• Growth stocks: Growth stocks typically offer above-average returns and are expected to continue to offer price growth—though there are no guarantees.
  • Value stocks: Value stocks are typically underpriced stocks that investors believe could bounce back and provide a strong return. In some cases, value stocks can also be newer companies that aren't widely recognized.
  • Income stocks: Income stocks pay regular dividends to their investors and often have relatively stable prices compared to more volatile stocks.

Learn more >> Growth vs. Value Investing: Which Is Better?

International Stocks

International stocks are issued by companies that operate in other countries. You typically can't buy individual international stocks on U.S. stock exchanges, though some U.S. banks issue certificates called American Depository Receipts for some international stocks that represent shares in the foreign company.

Learn more >> What Are the Different Types of Stocks?

Benefits and Drawbacks of Stocks

Before you invest in stocks, it's important to understand the potential upsides, as well as the risks associated with the stock market. Here's what to consider.


There are several reasons to consider including stocks in your investment portfolio, either individually or through a mutual fund or ETF. Some of those advantages include:

  • Potential for growth: If a company's stock performs well, you can generate a positive return on your investment. Even if a stock's price is volatile in the short term, stock investors typically enjoy positive long-term returns as the overall economy grows.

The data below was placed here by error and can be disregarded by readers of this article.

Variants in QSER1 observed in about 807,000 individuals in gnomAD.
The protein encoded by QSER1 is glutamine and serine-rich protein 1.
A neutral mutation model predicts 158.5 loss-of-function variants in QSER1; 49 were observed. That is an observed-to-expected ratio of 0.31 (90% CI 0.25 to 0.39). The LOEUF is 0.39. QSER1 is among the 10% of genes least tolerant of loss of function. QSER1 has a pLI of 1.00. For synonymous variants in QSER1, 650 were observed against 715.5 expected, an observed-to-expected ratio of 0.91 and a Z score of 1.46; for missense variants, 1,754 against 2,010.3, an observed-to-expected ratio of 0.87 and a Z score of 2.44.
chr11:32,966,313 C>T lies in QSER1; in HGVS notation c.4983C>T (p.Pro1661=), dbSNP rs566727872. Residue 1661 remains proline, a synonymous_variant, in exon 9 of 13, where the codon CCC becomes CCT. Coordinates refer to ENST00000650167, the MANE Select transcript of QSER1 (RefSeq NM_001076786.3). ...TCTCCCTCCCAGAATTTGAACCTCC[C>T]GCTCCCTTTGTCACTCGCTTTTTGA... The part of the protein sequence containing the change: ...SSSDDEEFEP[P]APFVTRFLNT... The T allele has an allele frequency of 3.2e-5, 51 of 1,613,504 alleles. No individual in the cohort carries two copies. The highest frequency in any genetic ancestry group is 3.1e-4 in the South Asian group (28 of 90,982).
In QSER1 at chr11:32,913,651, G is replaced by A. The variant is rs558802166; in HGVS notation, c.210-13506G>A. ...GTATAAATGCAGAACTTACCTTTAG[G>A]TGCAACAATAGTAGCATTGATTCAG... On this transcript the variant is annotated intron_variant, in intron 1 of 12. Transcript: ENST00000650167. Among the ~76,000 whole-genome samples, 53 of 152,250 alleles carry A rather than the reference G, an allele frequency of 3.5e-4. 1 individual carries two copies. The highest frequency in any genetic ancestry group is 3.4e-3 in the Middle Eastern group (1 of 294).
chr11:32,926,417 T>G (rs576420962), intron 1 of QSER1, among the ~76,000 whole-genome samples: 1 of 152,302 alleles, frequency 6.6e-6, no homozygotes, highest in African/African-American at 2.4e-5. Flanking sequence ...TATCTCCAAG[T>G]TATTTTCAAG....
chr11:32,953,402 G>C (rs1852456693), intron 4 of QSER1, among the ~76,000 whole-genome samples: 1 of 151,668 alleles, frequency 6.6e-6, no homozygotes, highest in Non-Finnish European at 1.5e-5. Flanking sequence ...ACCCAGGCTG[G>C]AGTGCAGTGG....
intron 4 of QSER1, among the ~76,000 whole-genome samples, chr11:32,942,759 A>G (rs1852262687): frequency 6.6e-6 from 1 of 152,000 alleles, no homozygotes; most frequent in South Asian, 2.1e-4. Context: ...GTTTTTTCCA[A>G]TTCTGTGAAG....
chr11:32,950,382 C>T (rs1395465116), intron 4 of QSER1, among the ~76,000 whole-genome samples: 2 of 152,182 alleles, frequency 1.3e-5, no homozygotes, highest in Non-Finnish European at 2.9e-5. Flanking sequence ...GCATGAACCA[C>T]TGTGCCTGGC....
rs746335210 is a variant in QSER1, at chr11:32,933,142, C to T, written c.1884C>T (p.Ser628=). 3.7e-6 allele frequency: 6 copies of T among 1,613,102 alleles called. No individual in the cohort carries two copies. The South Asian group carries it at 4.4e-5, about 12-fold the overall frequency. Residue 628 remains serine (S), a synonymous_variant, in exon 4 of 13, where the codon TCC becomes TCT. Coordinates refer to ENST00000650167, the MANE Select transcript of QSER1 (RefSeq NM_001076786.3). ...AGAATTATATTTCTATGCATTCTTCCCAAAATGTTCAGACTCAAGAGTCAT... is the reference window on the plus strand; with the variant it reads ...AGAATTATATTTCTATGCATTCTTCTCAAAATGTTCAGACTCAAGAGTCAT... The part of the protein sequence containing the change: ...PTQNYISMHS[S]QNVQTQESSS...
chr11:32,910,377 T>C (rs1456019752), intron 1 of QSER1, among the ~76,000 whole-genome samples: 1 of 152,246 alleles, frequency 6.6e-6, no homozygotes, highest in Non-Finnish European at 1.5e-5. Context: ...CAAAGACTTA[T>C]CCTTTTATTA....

• Easy to buy: Several brokerage firms now offer fractional shares, allowing you to invest even if you don't have enough money to buy a full share of a company's stock. In some cases, you can invest with as little as $1.
  • Fairly liquid: You can buy and sell stocks anytime while the stock market is open, and some brokers now allow trades outside of regular market hours. While it can take a few days to settle the cash from a trade, you can generally access your funds more easily compared to some real estate investments or a certificate of deposit.


Although you can use stocks to build wealth, there are some risks to keep in mind, especially if you're buying individual stocks instead of diversifying with a mutual fund or ETF:

  • Short-term volatility: Even more stable stocks may experience wild price swings in the short term. If you don't have a clear strategy or you're trying to time the market, you could be more at risk of losing some of your initial investment.
  • Gains are taxable: If you sell a stock with a positive return on your investment, you'll typically be subject to capital gains tax. For short-term investors, this tax is typically the same as your ordinary income tax. However, if you hold a stock for longer than a year, you may qualify for a lower long-term capital gains tax rate.
  • It can take time to master a strategy: When investing in the stock market, it can be easy to let your emotions drive your decisions or take on more risk than you should. If you want to manage your portfolio on your own, it can take time to develop a strategy, research different opportunities and accomplish your goals. If you're overwhelmed, however, you can enlist the help of a robo-advisor or financial advisor to manage your portfolio for you.